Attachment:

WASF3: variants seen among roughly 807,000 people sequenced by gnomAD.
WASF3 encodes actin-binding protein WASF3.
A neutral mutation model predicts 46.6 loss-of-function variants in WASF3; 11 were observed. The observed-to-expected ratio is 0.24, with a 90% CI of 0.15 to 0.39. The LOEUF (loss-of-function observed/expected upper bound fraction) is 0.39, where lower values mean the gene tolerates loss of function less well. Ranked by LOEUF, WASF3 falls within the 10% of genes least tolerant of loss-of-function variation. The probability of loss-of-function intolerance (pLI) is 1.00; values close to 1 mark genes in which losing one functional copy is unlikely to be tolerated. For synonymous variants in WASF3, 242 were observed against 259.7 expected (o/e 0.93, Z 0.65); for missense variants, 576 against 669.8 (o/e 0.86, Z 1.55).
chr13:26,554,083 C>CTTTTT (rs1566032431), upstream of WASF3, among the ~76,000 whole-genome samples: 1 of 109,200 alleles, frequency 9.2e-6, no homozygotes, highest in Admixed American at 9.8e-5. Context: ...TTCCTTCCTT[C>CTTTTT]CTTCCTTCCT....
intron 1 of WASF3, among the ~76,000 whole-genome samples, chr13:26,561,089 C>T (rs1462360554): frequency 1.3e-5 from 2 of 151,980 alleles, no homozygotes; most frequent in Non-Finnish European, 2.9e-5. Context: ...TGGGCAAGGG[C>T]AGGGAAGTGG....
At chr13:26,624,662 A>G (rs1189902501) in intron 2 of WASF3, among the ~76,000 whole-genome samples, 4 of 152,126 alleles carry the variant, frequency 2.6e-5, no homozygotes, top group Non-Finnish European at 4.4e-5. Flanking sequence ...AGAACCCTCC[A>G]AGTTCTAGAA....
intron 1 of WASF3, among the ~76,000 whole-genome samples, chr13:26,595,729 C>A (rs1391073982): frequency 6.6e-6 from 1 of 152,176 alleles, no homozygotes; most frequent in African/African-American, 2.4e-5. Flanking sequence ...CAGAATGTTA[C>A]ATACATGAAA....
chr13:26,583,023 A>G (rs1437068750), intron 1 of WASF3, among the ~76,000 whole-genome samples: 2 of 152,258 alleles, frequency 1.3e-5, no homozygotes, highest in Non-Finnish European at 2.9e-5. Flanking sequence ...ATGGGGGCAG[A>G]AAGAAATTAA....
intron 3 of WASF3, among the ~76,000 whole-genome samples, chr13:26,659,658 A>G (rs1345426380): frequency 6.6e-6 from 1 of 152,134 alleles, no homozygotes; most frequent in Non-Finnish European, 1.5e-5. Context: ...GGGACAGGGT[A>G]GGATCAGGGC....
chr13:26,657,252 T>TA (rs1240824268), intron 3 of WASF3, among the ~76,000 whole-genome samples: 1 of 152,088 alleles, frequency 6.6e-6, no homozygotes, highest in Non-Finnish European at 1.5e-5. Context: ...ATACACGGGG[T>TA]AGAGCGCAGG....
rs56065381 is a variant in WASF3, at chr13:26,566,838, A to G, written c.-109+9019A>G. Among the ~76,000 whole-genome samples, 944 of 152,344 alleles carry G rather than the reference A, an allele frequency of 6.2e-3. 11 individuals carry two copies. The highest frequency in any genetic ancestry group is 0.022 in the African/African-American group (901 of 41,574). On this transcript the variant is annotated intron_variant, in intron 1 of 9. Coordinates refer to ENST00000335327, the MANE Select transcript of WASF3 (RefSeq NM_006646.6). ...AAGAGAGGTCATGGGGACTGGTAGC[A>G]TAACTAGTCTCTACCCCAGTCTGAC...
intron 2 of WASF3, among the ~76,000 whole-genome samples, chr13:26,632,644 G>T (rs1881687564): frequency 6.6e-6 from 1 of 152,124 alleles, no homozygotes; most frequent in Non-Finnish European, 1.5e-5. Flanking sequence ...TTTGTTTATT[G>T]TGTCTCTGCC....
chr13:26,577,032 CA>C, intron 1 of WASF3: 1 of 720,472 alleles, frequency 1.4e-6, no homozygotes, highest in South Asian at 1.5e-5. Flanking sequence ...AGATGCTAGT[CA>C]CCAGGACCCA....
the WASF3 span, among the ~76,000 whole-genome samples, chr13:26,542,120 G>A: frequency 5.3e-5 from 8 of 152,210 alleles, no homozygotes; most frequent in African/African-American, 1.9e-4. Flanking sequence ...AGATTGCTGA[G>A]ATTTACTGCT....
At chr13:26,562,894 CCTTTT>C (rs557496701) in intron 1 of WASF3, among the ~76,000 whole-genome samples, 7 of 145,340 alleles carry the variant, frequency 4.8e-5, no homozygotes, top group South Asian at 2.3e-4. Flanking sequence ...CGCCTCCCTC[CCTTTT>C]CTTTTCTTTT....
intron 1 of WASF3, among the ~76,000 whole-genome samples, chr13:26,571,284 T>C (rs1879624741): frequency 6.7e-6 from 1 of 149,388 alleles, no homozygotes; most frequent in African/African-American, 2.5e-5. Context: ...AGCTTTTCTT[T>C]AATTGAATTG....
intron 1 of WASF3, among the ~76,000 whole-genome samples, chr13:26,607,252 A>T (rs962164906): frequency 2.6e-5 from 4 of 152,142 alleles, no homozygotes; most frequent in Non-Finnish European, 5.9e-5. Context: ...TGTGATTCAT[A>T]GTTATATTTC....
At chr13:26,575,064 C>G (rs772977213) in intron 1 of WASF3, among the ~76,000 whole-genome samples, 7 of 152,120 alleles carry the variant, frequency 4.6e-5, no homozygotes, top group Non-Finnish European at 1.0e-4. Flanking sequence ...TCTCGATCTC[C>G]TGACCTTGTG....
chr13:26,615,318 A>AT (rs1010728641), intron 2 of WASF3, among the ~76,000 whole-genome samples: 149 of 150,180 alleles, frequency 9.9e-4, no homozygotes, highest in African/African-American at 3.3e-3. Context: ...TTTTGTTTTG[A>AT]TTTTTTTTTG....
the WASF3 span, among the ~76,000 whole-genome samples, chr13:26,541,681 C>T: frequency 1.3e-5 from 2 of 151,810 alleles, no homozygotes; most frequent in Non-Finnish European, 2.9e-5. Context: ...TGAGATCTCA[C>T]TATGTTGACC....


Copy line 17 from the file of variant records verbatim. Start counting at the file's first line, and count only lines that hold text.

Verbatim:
intron 1 of WASF3, among the ~76,000 whole-genome samples, chr13:26,607,252 A>T (rs962164906): frequency 2.6e-5 from 4 of 152,142 alleles, no homozygotes; most frequent in Non-Finnish European, 5.9e-5. Context: ...TGTGATTCAT[A>T]GTTATATTTC....